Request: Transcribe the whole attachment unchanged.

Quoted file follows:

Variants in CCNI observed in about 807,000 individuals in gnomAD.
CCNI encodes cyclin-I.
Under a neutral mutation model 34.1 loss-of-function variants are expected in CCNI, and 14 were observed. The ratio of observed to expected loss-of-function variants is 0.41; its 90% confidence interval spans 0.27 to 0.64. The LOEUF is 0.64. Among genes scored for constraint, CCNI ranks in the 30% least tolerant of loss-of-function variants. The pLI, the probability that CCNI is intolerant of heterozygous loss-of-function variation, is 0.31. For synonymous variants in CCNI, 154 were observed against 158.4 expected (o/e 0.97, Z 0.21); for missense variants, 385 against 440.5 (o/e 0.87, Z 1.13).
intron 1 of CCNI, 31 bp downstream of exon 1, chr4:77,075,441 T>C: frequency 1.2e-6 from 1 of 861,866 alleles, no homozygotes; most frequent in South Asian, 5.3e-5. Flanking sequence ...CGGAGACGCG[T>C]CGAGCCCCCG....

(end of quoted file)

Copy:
Variants in CCNI observed in about 807,000 individuals in gnomAD.
CCNI encodes cyclin-I.
Under a neutral mutation model 34.1 loss-of-function variants are expected in CCNI, and 14 were observed. The ratio of observed to expected loss-of-function variants is 0.41; its 90% confidence interval spans 0.27 to 0.64. The LOEUF is 0.64. Among genes scored for constraint, CCNI ranks in the 30% least tolerant of loss-of-function variants. The pLI, the probability that CCNI is intolerant of heterozygous loss-of-function variation, is 0.31. For synonymous variants in CCNI, 154 were observed against 158.4 expected (o/e 0.97, Z 0.21); for missense variants, 385 against 440.5 (o/e 0.87, Z 1.13).
intron 1 of CCNI, 31 bp downstream of exon 1, chr4:77,075,441 T>C: frequency 1.2e-6 from 1 of 861,866 alleles, no homozygotes; most frequent in South Asian, 5.3e-5. Flanking sequence ...CGGAGACGCG[T>C]CGAGCCCCCG....